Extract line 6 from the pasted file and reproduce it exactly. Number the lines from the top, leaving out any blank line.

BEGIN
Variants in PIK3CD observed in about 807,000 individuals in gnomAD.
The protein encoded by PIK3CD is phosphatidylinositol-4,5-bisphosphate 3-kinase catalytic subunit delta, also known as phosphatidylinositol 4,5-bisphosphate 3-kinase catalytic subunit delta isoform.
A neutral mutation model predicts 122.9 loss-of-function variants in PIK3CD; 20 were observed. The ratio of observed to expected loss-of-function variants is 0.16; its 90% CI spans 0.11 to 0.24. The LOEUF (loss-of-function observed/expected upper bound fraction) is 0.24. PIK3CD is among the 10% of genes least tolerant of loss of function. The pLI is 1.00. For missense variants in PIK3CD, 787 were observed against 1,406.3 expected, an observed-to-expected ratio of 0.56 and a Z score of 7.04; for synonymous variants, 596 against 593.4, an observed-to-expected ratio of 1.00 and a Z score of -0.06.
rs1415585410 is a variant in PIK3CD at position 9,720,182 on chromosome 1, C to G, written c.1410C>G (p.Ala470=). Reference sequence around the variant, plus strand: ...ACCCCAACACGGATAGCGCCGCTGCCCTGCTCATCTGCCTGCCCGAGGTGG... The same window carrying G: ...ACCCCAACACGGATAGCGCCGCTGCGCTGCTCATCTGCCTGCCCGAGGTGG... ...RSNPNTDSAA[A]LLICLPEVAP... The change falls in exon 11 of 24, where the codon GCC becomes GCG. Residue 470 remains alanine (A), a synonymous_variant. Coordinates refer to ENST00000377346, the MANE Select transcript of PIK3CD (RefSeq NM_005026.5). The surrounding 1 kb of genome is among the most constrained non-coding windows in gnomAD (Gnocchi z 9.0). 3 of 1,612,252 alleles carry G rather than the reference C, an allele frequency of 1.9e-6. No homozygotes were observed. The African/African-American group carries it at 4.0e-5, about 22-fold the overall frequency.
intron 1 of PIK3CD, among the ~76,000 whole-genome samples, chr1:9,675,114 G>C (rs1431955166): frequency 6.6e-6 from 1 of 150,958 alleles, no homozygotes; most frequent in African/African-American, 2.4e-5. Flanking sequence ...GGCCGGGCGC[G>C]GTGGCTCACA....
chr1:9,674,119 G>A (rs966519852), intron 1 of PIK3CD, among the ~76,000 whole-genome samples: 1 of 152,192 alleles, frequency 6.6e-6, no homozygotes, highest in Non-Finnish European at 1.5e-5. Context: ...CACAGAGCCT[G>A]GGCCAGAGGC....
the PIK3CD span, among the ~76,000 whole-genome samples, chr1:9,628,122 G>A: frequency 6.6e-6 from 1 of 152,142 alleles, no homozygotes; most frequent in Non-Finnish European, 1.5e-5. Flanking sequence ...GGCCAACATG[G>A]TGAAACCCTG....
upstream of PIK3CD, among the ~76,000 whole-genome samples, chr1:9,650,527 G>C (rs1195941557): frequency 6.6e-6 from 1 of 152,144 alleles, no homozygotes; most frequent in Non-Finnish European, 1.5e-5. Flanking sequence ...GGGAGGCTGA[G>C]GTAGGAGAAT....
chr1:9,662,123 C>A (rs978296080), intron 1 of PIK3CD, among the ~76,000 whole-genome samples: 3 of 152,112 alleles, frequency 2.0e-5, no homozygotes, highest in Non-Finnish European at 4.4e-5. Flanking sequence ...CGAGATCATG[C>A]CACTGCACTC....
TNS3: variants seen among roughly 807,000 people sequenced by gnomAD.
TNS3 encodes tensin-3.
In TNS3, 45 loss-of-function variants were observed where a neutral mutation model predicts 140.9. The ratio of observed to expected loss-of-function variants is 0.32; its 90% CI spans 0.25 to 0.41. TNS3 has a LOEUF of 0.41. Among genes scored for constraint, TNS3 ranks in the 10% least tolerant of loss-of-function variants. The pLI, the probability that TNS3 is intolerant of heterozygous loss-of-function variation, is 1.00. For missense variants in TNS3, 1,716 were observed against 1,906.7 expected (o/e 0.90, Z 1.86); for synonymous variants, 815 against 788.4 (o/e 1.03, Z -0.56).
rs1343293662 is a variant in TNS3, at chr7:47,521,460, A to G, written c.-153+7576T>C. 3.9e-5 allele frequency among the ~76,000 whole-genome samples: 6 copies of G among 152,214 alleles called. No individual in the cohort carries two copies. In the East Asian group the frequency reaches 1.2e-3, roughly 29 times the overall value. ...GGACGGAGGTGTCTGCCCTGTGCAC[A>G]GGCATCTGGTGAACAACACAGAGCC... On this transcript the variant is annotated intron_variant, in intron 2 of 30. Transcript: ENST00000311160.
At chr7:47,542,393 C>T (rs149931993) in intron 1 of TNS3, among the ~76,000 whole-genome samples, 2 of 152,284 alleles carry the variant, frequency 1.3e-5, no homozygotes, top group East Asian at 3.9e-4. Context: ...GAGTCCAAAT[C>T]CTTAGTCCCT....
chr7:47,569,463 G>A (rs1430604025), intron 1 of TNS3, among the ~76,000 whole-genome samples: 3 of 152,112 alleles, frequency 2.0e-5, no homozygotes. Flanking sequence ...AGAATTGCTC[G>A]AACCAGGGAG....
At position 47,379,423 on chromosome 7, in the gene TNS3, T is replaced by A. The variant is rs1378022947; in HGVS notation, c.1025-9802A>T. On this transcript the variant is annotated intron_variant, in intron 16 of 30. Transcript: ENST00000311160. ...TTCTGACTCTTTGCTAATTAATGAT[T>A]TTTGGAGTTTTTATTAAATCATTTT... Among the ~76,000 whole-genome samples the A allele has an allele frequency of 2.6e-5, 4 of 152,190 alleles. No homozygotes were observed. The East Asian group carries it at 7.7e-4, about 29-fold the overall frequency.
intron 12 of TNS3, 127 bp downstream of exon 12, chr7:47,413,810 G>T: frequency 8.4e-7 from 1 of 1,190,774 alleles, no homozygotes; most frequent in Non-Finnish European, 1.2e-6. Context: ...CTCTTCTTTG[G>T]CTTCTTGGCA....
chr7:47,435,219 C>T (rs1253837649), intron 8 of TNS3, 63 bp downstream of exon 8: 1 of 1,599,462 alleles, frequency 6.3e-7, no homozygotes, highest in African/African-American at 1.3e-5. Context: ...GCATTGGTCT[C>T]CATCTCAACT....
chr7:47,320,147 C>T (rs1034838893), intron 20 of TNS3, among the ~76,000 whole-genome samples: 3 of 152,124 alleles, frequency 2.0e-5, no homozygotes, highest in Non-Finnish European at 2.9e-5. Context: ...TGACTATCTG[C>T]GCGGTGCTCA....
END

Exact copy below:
chr1:9,674,119 G>A (rs966519852), intron 1 of PIK3CD, among the ~76,000 whole-genome samples: 1 of 152,192 alleles, frequency 6.6e-6, no homozygotes, highest in Non-Finnish European at 1.5e-5. Context: ...CACAGAGCCT[G>A]GGCCAGAGGC....